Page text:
After researching the Internet of Things (and Internøt of Things) for a few months, overall I found that there is still more bad than good with the IoT. Currently there are some pretty large issues that continue to exist with the IoT (that have come up in class discussions this semester).
Below are some of the unresolved issues that remain with the IoT:
Privacy - The difficulty with keeping your information private between all these connected devices.
Security - The issue of keeping your information safe on digital devices that are all (by rule) hackable.
Accessibility - How to deal with user-accessibility in the midst of all these new devices and interfaces entering the market. In the words of Brown University computer scientist Michael Littman:
These interfaces need to be not only more user-friendly but also better integrated: "If users need to learn different interfaces for their vacuums, their locks, their sprinklers, their lights, and their coffeemakers, it's tough to say that their lives have been made any easier. 1Ownership - For example, if I buy a Nest thermostat for my home, is my home still mine? Or is it now Google’s house? Or does it belong to the greater Internet?
Cross-Compatibility - The problem where all these devices from all these companies don’t even work together. Incompatible devices occupying the same space will force users to buy an entire series of devices from the same brand if they want them to be interconnected, which is the entire point of purchasing Internet of Things devices in the first place.
As a result, even if another brand offers a better option for a certain device within the same space (i.e. the home space), the user will be unable to purchase from that brand if they want to maintain interconnectivity between all of their devices.
David Pierce of Wired accurately explains:
How the hell are all these things going to work together? Apple has Homekit; Google has Brillo and Nest; Microsoft has Windows; Samsung has SmartThings. There’s Wemo and Wink and Zigbee and Z-Wave and Thread and I’m not even making any of these up. You can control some things with your fitness tracker, some with a universal remote, and pretty much all of them with your phone. Some of the protocols overlap and support each other; others are more exclusive. But there’s no simple plug-and-play option, no way to walk out of Best Buy with something you know is going to work. 1Timothy B. Lee of Vox adds further (speaking specifically about Nest home devices):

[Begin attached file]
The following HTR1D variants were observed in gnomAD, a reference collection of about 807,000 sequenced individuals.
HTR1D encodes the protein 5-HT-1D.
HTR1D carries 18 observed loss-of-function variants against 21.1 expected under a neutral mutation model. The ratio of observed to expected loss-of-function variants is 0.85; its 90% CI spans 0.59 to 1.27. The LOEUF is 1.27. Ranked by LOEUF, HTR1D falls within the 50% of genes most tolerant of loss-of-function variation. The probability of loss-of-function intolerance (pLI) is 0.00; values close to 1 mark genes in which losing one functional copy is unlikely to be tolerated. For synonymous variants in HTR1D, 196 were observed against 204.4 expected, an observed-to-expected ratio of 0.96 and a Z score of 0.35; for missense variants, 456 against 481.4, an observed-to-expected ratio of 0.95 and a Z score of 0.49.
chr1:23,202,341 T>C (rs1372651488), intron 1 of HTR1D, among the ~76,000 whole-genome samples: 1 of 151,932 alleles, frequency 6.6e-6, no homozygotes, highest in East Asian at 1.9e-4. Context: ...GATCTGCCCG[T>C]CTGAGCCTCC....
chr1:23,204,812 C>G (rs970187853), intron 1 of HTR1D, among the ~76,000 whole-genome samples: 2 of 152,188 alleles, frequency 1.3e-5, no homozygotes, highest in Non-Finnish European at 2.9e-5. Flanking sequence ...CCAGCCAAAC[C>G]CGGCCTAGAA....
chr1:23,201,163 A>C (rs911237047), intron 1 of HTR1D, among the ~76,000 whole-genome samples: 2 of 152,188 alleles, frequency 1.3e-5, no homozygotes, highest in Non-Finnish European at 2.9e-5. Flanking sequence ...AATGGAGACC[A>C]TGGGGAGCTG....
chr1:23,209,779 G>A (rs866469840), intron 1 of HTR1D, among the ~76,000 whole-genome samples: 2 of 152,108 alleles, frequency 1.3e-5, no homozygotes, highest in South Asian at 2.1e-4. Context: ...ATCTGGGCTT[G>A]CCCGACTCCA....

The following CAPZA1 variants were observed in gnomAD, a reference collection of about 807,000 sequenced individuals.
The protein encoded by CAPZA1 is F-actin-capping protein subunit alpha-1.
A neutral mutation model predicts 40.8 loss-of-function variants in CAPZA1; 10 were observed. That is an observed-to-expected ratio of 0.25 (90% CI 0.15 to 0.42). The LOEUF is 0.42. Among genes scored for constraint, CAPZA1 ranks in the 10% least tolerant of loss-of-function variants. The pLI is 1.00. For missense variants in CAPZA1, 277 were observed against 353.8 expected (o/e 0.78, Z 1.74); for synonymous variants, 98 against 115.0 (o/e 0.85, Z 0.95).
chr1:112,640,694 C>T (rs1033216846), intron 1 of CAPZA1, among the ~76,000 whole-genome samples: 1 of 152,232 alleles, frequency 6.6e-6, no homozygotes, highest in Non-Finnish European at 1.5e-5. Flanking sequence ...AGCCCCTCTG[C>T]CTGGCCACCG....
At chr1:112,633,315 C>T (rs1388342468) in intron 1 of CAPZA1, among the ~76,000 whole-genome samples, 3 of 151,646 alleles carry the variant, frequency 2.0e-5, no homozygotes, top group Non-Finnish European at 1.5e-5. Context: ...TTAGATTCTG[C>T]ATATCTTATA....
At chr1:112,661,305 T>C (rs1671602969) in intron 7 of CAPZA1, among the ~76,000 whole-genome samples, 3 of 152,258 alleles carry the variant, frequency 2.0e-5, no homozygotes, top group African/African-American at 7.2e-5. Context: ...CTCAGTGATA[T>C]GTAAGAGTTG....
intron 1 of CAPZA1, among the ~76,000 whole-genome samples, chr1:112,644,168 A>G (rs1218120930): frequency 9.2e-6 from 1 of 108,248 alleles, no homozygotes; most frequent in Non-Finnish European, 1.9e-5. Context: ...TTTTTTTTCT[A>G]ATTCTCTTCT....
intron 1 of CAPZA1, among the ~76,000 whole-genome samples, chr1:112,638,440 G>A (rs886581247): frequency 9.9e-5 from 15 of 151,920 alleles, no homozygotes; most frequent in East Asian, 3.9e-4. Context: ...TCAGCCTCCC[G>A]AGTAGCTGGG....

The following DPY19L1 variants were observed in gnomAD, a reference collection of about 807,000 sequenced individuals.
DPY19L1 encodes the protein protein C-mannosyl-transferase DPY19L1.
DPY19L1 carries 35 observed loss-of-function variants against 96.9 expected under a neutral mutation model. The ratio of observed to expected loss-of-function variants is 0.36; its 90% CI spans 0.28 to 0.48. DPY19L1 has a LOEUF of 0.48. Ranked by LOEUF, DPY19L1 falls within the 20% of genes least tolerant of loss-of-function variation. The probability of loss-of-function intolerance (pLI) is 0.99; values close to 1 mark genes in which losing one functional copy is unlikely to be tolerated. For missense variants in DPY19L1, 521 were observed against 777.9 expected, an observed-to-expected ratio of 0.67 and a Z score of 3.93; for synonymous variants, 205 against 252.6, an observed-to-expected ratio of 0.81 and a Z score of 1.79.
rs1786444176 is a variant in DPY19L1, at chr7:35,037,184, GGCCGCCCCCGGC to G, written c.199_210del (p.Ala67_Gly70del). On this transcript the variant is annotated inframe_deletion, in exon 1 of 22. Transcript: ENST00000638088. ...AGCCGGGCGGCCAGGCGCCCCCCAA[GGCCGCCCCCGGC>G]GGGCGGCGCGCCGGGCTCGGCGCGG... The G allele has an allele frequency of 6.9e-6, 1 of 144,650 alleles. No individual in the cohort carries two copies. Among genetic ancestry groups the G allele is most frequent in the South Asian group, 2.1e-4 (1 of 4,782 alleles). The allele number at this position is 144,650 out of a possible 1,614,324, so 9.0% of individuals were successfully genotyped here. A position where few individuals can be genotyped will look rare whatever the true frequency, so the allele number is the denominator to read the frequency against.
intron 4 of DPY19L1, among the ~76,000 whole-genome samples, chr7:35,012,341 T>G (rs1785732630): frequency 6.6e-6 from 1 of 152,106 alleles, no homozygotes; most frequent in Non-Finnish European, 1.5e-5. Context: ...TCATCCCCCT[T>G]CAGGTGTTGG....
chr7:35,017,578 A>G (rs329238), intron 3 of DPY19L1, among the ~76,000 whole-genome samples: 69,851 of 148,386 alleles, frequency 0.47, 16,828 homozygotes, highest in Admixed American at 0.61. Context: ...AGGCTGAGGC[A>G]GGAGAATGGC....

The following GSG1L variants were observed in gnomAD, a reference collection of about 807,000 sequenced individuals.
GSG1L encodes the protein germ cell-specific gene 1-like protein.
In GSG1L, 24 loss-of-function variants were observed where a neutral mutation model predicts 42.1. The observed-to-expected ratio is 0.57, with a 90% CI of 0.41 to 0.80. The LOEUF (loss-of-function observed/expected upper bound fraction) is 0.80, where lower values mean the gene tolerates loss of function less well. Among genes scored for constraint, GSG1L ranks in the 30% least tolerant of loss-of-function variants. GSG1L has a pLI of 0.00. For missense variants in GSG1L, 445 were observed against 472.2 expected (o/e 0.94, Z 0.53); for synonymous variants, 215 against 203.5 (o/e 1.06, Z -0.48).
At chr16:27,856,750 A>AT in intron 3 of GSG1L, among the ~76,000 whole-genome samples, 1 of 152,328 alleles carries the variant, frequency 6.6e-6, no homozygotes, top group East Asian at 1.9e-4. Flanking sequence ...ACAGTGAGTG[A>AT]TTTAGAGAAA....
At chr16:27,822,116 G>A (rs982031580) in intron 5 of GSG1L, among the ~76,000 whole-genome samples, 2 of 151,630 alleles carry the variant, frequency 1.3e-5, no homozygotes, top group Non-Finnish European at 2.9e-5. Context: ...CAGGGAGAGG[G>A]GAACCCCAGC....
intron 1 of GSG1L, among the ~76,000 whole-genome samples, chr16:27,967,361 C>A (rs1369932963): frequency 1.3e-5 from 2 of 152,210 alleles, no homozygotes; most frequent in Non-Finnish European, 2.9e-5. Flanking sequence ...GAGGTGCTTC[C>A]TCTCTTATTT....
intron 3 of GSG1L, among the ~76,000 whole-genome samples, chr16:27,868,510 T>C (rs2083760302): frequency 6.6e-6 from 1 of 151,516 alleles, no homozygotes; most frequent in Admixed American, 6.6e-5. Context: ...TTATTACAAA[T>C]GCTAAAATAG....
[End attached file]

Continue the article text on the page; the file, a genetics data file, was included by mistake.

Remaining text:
There are now lots of internet-connected devices on the market, but a big problem with many of them is that they require too much effort to set up and manage. It's hard enough to convince someone that it's worth paying a premium for an internet-connected lightbulb or washing machine. It becomes an even harder sell if customers are required to separately configure devices from different companies. 1Chris Welch of The Verge accurately concludes:
These partnerships are critical if the goal is making your entire home smarter. 1
Concluding Thought: Edit
To answer the question of whether or not the Internet of Things is there yet, the answer is, not yet. The truth is, the Internet of Things hasn’t fully matured just yet, though it will certainly get there someday in the not so distant future.
I leave you with David Pierce's conclusion:
It may be coming like a molasses tidal wave, but the Internet of Things is coming. It’s not a matter of if or whether, but when and how...The tracks have been laid. Maybe it’ll be 2016, maybe the year after, but the train is coming. It’ll have Wi-Fi and Bluetooth and probably eight other things, and you’ll definitely get a push notification when it gets here. 1